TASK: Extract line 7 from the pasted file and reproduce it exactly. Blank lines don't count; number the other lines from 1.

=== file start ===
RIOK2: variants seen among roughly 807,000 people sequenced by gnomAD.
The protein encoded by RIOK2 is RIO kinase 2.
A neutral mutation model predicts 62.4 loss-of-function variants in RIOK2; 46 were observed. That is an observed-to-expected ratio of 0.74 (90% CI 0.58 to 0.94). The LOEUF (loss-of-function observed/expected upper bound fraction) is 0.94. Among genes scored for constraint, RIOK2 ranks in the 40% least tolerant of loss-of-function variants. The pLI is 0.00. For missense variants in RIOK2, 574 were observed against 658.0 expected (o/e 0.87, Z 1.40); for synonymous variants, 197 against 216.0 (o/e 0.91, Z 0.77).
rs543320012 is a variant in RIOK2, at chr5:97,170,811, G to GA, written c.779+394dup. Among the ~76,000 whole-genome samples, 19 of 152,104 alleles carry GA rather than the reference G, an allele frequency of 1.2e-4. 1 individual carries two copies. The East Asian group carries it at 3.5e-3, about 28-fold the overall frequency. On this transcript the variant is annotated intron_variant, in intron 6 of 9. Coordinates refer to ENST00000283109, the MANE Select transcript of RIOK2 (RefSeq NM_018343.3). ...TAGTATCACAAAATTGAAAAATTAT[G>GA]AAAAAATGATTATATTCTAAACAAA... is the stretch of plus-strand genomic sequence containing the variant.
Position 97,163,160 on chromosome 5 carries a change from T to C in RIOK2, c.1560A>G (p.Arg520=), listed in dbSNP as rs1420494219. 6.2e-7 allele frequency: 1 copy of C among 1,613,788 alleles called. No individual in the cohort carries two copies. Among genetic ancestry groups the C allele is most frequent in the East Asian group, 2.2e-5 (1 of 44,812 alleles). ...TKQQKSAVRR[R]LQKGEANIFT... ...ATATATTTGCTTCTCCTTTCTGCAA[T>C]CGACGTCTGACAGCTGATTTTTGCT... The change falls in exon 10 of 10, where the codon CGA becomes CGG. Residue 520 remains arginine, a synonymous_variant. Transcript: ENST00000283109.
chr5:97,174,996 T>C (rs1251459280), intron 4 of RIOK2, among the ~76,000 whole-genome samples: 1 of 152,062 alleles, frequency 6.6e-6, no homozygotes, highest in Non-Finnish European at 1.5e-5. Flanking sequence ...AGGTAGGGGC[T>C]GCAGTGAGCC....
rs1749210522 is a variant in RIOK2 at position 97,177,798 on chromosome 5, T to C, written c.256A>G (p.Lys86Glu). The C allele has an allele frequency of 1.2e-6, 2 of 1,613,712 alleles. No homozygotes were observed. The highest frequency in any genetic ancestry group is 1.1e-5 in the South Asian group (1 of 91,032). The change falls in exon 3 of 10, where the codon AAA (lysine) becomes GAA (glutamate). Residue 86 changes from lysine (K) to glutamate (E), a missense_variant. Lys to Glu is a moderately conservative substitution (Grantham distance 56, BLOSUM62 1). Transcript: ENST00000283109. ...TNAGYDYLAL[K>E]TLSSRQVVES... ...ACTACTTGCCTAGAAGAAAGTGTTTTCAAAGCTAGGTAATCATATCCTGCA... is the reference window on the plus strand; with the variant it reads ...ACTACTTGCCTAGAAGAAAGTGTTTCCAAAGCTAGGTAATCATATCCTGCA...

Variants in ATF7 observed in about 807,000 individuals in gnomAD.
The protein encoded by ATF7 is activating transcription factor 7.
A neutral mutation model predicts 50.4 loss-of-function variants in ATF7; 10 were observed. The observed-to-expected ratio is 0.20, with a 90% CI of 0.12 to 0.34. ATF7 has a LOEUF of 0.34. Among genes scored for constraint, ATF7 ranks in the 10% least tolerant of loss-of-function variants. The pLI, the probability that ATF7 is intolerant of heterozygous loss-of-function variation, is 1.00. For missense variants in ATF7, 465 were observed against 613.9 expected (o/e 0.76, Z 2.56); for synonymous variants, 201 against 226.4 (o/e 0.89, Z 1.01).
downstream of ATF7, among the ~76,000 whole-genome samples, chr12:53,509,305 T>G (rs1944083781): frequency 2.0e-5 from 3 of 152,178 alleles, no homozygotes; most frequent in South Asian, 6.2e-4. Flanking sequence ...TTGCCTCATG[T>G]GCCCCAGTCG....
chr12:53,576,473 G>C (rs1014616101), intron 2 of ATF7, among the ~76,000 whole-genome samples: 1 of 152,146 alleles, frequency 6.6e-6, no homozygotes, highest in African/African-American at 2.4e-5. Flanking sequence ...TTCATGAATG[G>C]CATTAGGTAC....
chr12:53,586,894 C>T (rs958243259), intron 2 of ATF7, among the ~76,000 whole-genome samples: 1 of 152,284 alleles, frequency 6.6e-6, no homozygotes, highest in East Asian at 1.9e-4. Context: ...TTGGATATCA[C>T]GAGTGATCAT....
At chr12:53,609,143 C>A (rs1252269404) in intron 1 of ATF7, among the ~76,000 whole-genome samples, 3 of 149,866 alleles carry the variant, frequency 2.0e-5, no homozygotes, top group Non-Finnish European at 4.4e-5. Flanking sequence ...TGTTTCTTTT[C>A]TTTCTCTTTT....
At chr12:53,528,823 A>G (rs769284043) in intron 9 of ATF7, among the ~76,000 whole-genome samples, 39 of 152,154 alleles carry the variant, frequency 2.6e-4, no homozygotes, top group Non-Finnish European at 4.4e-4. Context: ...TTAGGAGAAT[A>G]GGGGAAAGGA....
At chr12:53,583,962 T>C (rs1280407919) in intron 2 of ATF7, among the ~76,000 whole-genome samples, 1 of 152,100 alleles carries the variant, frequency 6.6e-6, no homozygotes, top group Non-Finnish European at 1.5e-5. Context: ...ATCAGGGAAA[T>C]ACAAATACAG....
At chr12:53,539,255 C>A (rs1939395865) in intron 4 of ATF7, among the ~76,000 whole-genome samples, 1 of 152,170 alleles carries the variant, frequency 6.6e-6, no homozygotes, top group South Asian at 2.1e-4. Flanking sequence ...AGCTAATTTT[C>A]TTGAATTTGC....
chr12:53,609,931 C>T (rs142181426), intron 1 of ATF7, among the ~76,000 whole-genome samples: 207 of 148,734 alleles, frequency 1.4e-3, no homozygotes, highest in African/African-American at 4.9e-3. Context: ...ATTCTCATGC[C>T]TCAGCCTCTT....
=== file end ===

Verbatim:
rs1749210522 is a variant in RIOK2 at position 97,177,798 on chromosome 5, T to C, written c.256A>G (p.Lys86Glu). The C allele has an allele frequency of 1.2e-6, 2 of 1,613,712 alleles. No homozygotes were observed. The highest frequency in any genetic ancestry group is 1.1e-5 in the South Asian group (1 of 91,032). The change falls in exon 3 of 10, where the codon AAA (lysine) becomes GAA (glutamate). Residue 86 changes from lysine (K) to glutamate (E), a missense_variant. Lys to Glu is a moderately conservative substitution (Grantham distance 56, BLOSUM62 1). Transcript: ENST00000283109. ...TNAGYDYLAL[K>E]TLSSRQVVES... ...ACTACTTGCCTAGAAGAAAGTGTTTTCAAAGCTAGGTAATCATATCCTGCA... is the reference window on the plus strand; with the variant it reads ...ACTACTTGCCTAGAAGAAAGTGTTTCCAAAGCTAGGTAATCATATCCTGCA...